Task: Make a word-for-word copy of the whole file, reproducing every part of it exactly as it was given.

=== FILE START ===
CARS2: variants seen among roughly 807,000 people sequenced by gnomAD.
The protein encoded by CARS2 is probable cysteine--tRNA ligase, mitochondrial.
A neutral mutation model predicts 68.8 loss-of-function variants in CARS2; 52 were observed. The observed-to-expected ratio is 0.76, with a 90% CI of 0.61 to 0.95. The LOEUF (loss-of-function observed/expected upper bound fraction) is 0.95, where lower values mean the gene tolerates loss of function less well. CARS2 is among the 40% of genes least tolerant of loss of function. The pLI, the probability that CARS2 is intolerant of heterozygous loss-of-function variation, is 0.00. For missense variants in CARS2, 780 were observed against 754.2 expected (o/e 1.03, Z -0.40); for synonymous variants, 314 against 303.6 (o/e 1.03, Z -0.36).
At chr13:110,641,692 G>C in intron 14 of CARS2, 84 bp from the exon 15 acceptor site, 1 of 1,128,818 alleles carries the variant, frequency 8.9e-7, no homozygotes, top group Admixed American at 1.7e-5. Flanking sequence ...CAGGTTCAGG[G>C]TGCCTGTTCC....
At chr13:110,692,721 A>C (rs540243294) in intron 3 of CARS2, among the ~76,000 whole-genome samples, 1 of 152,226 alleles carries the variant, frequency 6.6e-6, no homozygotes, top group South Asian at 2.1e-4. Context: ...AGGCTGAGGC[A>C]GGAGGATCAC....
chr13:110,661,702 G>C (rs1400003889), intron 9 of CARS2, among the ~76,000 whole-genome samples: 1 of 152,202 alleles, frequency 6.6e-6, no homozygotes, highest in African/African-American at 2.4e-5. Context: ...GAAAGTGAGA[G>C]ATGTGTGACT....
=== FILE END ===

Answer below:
CARS2: variants seen among roughly 807,000 people sequenced by gnomAD.
The protein encoded by CARS2 is probable cysteine--tRNA ligase, mitochondrial.
A neutral mutation model predicts 68.8 loss-of-function variants in CARS2; 52 were observed. The observed-to-expected ratio is 0.76, with a 90% CI of 0.61 to 0.95. The LOEUF (loss-of-function observed/expected upper bound fraction) is 0.95, where lower values mean the gene tolerates loss of function less well. CARS2 is among the 40% of genes least tolerant of loss of function. The pLI, the probability that CARS2 is intolerant of heterozygous loss-of-function variation, is 0.00. For missense variants in CARS2, 780 were observed against 754.2 expected (o/e 1.03, Z -0.40); for synonymous variants, 314 against 303.6 (o/e 1.03, Z -0.36).
At chr13:110,641,692 G>C in intron 14 of CARS2, 84 bp from the exon 15 acceptor site, 1 of 1,128,818 alleles carries the variant, frequency 8.9e-7, no homozygotes, top group Admixed American at 1.7e-5. Flanking sequence ...CAGGTTCAGG[G>C]TGCCTGTTCC....
At chr13:110,692,721 A>C (rs540243294) in intron 3 of CARS2, among the ~76,000 whole-genome samples, 1 of 152,226 alleles carries the variant, frequency 6.6e-6, no homozygotes, top group South Asian at 2.1e-4. Context: ...AGGCTGAGGC[A>C]GGAGGATCAC....
chr13:110,661,702 G>C (rs1400003889), intron 9 of CARS2, among the ~76,000 whole-genome samples: 1 of 152,202 alleles, frequency 6.6e-6, no homozygotes, highest in African/African-American at 2.4e-5. Context: ...GAAAGTGAGA[G>C]ATGTGTGACT....